London W2 2UH
020 7706 3422
Added bonus: open every day up til Sept 12th, so get a shimmy on.
Points off for: having to walk through in your cozzie and feeling the shame of your children (may only apply to me). The café coffee is a bit ...meh.
If we get a nice day between now and Sept 12th, or even a less-shit one, or - and let’s face it this is the likely option - a totally shit day when you think you might kill something if you stay indoors another second - go here. If you don’t like it, I’ll give you your money back.* If you don’t go now, I’ll make you go on Christmas Day at 7am* and you won’t like that.
This is one of those places that inspires devotees and long tranches of historical history, and there are more posh people in the story of this lido than most others. (I can’t be bothered to recount it all here, but these people have.) It’s famous in swimmy circles, well used, right in the middle of a very busy park and millions of years old, so here’s a surprising thing: in the middle of August, at midday in reasonable warmth – I was the only person swimming. There’s something unnerving about that, something that makes a person feel a bit almost self-conscious, like you’re on show. An embarrassment of riches: all this, just for little old me? But within minutes the environs made me forget about being on display, focus right down on what's around in that moment and then, being on my own was an unexpected school holiday treat.
I walked up from Hyde Park corner, the lido is discreetly landscaped within the lake. You can spot it by the lengths of hard white pillow buoys marking the edge; it looks small from a distance. Along the way, there were warning notices about blue green algae, and as I couldn’t see any swimmers I assumed the pool was shut because of it. But no, there were simply no swimmers – only one other that day, according to the ticket boy. The small box changing rooms are right by the front door. Facilities are pretty minimal – no showers, for instance, except a cold dribbler by the water - perfectly bearable, but a bit of a surprise because the rest of the building suggests money bin spent. I changed (there are lockers but I had a child to guard my stuff so didn’t use then.) (I don’t mean I had a child JUST to guard my stuff, btw. That would have been a crazy thing to do. Hmm, how can I guard my stuff? I know, I’ll have a child, so in about ten years they can guard my stuff) then walked in my costume up the stairs, past the benches and box planters and smart sun umbrellas of the café, through the neatly done area where posh children called Octavia and Petit Filous played in a round kiddie pool and smart playground.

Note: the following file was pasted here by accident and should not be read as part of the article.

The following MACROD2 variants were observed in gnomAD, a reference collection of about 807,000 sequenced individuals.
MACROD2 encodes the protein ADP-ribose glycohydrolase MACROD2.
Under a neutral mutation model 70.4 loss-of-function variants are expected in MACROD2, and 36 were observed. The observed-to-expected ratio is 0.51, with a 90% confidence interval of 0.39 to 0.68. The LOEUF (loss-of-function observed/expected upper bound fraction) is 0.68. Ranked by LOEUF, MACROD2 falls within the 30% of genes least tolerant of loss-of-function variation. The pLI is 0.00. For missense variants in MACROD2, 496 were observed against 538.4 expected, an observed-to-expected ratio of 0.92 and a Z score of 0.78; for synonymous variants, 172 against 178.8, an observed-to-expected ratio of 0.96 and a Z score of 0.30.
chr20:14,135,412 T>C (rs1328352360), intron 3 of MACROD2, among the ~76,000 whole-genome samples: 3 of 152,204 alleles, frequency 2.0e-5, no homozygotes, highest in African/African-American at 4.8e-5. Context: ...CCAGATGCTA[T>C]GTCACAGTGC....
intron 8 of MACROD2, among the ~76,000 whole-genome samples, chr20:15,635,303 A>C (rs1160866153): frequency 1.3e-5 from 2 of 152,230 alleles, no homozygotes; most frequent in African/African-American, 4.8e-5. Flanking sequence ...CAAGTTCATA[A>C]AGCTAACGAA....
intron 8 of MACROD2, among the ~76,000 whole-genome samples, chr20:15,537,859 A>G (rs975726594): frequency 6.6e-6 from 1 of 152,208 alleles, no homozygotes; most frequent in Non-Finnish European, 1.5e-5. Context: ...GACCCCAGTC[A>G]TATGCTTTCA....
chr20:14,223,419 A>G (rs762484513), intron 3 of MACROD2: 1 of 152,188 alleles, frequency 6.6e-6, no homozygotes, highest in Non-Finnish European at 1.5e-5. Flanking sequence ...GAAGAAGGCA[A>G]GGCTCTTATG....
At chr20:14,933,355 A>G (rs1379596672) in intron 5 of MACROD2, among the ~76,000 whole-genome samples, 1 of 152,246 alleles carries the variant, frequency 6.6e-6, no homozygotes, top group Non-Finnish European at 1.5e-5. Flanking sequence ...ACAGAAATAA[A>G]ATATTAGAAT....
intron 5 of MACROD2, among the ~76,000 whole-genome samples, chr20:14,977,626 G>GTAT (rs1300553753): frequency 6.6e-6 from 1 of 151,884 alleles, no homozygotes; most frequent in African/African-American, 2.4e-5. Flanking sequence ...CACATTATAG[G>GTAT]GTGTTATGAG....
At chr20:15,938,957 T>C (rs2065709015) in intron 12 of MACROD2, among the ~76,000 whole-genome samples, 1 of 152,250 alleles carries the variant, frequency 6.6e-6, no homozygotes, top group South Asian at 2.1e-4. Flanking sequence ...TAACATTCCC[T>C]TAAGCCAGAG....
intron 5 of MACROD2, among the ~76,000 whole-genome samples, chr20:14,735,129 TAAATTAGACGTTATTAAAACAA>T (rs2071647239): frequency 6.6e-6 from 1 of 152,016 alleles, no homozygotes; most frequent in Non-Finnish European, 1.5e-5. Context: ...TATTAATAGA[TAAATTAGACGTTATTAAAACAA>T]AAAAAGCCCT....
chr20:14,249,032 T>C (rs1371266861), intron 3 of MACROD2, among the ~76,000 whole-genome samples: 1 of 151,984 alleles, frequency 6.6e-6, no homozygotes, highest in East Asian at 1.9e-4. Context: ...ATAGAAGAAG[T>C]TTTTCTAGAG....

Then through a gate and across a little bridge over the path, above the heads of oxymoronic meandering tourists – it must be quite discombobulating to suddenly see someone scamper above in a bikini and swimming cap, gee honey, there’s a weirdos catwalk - and down to the water. It looks bigger from down here. There’s a platform across one end and steps, or a slope in. I chose the slope and edged down. The water felt warm – 20degrees, and thick, and as my feet slipped, I pretended I’d wanted to get in quickly. Lovely and warm, like dark mustard (whole grain).
I set out to the other end, practically 100 metres. I couldn’t keep a straight line for love nor chips, maybe because I didn’t have to. I was reluctant too, to tuck my head right in, the blue-green algae notice playing on my mind. The water felt … felty. It’s home-made apple juice, I’m convinced. There was a … gassy smell (duck farts, my daughter assured me when I told her after). In the filtered light under the surface, masses of sepia specks round my face gave the water dimension, like a strange 70s space movie. Every time I pulled my right hand through the water, the bubbles it made (this is a boring stroke bit you might want to skip: I know it shouldn’t make bubbles. I’m trying, and failing, to correct my stroke so it doesn’t make bubbles. It’s only on my right hand because I breathe to the left. I’ve tried to stretch that hand up and forward as long as possible, but it doesn’t work. Tips?) billowed out like massive ochre jellyfish coming up to get me.
Visibility below is non existent and I reverted to breast stroke after a few lengths because I was a little twitchy about this stuff getting in my mouth, and it’s a much better way to appreciate where you are. It does beg some appreciation. Here I am, I thought, a little chuckle, swimming in lovely warm chunky mead, the lake ahead and around, a few pleasure pedalos swanning across, a few swans pedaling like mad if we but knew it. A bridge ahead, a proper posh park stone bridge. It’s a polite place, mannered and tasteful, and so I swam in that way too. It seemed right. No raucous splashing, polite with queenly smile. Shame you missed that. Blueish sky. Right in the middle of London! I had a mad sense of privilege and good fortune. Then I got out.
I showered off a minute proportion of the appetizing duck crap/algae combo under the dribbling cold shower and greeted the next swimmer getting in –‘hello!” he said, as if he knew me, which he kind of does, and me likewise. ‘One out, one in|’ I clichéd back. I sauntered back over the bridge, and if some poor unsuspecting tourist thought that a bird had done a green shit on their head it was probably me, dripping a bit of algae as I went.